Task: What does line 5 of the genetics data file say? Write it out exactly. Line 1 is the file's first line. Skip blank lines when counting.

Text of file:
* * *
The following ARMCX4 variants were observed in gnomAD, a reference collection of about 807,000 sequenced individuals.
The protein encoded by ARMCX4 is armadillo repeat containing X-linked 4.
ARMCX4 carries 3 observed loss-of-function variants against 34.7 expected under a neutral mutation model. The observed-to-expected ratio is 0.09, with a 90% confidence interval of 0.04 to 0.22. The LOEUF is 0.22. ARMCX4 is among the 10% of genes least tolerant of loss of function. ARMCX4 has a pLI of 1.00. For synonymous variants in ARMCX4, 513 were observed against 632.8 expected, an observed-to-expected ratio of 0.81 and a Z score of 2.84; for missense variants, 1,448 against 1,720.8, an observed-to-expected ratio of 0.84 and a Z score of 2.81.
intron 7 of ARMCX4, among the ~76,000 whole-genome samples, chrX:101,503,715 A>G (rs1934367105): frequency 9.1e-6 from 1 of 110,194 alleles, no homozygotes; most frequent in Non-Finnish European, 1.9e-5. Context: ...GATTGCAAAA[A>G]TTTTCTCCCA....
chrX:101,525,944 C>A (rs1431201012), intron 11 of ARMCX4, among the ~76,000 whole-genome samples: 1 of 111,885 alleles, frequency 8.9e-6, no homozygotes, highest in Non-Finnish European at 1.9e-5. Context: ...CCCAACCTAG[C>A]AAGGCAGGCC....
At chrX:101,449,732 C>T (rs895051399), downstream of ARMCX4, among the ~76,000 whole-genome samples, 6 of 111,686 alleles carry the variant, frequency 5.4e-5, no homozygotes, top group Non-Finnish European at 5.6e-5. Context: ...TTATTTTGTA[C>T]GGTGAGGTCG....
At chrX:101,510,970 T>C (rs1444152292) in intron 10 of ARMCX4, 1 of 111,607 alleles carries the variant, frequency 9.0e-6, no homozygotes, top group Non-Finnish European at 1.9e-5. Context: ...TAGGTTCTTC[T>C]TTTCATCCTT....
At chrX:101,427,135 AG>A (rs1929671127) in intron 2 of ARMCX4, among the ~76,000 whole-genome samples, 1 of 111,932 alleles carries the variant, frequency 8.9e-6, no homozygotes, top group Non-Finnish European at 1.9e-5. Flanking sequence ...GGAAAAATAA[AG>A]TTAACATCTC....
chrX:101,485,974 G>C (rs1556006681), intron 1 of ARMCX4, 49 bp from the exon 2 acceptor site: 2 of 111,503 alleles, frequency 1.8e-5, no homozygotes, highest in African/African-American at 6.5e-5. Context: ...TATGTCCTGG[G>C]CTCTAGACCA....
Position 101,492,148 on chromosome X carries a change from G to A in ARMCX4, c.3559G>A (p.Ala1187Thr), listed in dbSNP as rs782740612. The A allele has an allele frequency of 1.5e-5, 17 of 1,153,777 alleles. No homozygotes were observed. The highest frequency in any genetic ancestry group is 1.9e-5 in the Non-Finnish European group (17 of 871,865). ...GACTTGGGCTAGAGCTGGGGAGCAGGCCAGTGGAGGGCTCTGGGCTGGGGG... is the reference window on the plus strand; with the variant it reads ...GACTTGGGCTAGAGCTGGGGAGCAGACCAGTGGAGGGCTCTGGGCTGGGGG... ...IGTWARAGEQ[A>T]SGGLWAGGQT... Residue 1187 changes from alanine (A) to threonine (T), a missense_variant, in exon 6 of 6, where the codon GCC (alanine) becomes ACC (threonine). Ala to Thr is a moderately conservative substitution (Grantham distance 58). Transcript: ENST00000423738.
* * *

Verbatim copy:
chrX:101,525,944 C>A (rs1431201012), intron 11 of ARMCX4, among the ~76,000 whole-genome samples: 1 of 111,885 alleles, frequency 8.9e-6, no homozygotes, highest in Non-Finnish European at 1.9e-5. Context: ...CCCAACCTAG[C>A]AAGGCAGGCC....